Lizzie's current work explores walking practices as a way to articulate the maternal experience. Using simple GPS tracking techniques to write words large on the land, Lizzie, along with a group artists who are also mothers, took time and space away from their responsibilities to extend the possibilities of "who writes what and where" in the British landscape. GPS Embroidery is an ongoing project, funded by the Arts Council.
During the group's residency, their work was on the beaches and headlands as they explored ideas of islandness, borders and tides in relation to concepts of "mother".
The name “GPS Embroidery” refers to the way the GPS signal to the satellites, mirroring the to and fro of the embroidery needle, as both create their path across spaces. Embroidery is usually associated with women and domesticity, a quiet hobby to pick up and put down in between the chores. Embroidering with GPS refers to these traditional understandings, but makes a claim for self-expression outside the home, in public space.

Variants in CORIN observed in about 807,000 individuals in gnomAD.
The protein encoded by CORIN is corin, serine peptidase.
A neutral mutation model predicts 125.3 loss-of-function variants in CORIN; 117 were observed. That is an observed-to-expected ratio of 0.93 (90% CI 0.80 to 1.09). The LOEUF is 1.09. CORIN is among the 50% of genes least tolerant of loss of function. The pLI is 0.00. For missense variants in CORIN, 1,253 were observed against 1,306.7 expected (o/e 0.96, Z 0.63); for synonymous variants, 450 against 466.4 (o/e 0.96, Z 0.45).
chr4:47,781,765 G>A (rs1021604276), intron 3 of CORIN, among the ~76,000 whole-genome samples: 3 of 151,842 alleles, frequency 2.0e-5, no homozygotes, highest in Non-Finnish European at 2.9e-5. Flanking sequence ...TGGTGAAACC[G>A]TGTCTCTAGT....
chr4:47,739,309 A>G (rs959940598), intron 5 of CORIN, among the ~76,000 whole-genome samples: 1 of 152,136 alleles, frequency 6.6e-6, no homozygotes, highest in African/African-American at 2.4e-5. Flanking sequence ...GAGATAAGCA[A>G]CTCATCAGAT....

Other performance, exhibition and publication contexts include DIEP’s Performing Parenthood festival (2017), LADA’s Study Room Guide to the Maternal (2016), Walking Women at Somerset House (2016), International Motherhood and Creativity conference at London Southbank University (2015), The Walking Encyclopedia (2014) and Ways to Wander (2015). Lizzie developed the performance documentation The Pilgrimage of the Prodigal Daughter (2013) as part of Bristol Old Vic’s Ferment. Her practice- based PhD research considers walking documentation and its potential to re-frame the maternal beyond the suburban and the sentimental.